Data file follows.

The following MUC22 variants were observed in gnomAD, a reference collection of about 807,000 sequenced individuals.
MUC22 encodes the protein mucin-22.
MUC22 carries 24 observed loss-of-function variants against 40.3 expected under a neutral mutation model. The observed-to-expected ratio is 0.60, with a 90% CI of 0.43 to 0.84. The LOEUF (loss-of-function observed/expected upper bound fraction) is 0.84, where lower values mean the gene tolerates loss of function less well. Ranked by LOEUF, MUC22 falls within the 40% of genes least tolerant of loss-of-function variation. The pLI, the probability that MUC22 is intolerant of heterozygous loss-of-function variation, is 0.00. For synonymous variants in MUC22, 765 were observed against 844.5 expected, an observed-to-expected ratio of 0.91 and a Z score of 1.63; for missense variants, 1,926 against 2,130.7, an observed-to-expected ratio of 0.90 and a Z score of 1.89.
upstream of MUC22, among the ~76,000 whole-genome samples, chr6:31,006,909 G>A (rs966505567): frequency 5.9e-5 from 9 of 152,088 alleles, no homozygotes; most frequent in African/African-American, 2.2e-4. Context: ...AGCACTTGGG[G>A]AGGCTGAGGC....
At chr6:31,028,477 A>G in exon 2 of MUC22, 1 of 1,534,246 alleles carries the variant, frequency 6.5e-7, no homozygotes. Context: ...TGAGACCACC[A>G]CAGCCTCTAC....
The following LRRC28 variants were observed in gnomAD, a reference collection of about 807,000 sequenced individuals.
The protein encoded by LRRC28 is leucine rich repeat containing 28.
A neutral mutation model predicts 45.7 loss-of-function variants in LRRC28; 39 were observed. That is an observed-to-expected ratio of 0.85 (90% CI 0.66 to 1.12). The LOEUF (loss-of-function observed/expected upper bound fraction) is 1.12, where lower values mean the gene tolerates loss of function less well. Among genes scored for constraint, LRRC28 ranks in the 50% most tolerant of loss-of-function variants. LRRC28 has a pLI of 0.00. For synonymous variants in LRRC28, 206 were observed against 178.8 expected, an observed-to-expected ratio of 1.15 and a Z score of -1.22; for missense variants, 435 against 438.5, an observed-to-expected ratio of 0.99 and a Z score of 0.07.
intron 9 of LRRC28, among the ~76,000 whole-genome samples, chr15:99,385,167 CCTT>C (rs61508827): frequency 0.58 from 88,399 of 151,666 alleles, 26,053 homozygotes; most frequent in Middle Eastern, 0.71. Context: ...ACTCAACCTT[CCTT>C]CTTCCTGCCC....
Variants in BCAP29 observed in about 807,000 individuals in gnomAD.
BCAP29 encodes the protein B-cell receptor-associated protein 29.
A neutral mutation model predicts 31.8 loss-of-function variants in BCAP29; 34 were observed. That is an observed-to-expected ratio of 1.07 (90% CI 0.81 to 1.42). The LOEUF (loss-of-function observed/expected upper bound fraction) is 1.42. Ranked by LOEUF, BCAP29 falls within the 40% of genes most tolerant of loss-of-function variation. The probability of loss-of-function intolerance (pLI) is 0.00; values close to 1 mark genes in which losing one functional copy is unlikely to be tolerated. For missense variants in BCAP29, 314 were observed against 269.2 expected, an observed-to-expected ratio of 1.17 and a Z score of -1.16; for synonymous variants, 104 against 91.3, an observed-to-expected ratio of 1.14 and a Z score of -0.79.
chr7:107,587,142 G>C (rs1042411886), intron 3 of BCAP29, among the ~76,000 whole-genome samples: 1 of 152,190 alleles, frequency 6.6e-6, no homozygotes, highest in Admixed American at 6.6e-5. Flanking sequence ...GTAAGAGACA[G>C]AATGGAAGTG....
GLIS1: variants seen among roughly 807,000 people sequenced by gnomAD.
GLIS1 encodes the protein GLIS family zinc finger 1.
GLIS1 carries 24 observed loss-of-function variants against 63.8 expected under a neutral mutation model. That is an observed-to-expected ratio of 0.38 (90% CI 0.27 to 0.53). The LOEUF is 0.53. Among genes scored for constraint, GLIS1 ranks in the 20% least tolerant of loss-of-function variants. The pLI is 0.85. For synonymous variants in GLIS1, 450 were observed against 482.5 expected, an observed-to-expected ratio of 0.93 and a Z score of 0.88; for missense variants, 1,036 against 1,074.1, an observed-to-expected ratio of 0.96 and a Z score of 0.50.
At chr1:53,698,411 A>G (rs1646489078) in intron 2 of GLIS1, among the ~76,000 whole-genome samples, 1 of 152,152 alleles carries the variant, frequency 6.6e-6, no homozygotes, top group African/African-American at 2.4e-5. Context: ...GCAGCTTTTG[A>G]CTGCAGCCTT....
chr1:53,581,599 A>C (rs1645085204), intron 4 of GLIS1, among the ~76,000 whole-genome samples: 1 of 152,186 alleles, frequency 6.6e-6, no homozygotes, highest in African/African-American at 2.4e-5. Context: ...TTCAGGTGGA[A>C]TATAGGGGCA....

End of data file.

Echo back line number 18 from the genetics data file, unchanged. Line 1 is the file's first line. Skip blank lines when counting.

chr1:53,581,599 A>C (rs1645085204), intron 4 of GLIS1, among the ~76,000 whole-genome samples: 1 of 152,186 alleles, frequency 6.6e-6, no homozygotes, highest in African/African-American at 2.4e-5. Context: ...TTCAGGTGGA[A>C]TATAGGGGCA....